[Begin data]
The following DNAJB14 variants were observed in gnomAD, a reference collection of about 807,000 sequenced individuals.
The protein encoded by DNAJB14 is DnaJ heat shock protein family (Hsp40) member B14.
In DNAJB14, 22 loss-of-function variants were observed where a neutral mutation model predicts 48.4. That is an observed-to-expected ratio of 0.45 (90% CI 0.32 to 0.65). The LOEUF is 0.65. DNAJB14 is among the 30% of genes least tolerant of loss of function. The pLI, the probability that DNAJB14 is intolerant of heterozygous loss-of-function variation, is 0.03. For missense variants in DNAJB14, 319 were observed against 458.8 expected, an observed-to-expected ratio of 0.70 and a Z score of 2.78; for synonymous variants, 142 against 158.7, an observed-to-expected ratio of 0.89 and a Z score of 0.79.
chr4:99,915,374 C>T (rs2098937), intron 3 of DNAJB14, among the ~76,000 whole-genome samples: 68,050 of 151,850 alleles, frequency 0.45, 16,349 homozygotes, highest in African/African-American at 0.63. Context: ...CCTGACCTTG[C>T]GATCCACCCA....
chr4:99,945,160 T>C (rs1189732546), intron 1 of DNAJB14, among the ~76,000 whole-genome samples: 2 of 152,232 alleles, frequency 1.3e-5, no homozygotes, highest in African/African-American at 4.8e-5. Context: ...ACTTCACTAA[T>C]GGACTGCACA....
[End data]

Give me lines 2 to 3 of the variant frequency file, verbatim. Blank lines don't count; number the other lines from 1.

The protein encoded by DNAJB14 is DnaJ heat shock protein family (Hsp40) member B14.
In DNAJB14, 22 loss-of-function variants were observed where a neutral mutation model predicts 48.4. That is an observed-to-expected ratio of 0.45 (90% CI 0.32 to 0.65). The LOEUF is 0.65. DNAJB14 is among the 30% of genes least tolerant of loss of function. The pLI, the probability that DNAJB14 is intolerant of heterozygous loss-of-function variation, is 0.03. For missense variants in DNAJB14, 319 were observed against 458.8 expected, an observed-to-expected ratio of 0.70 and a Z score of 2.78; for synonymous variants, 142 against 158.7, an observed-to-expected ratio of 0.89 and a Z score of 0.79.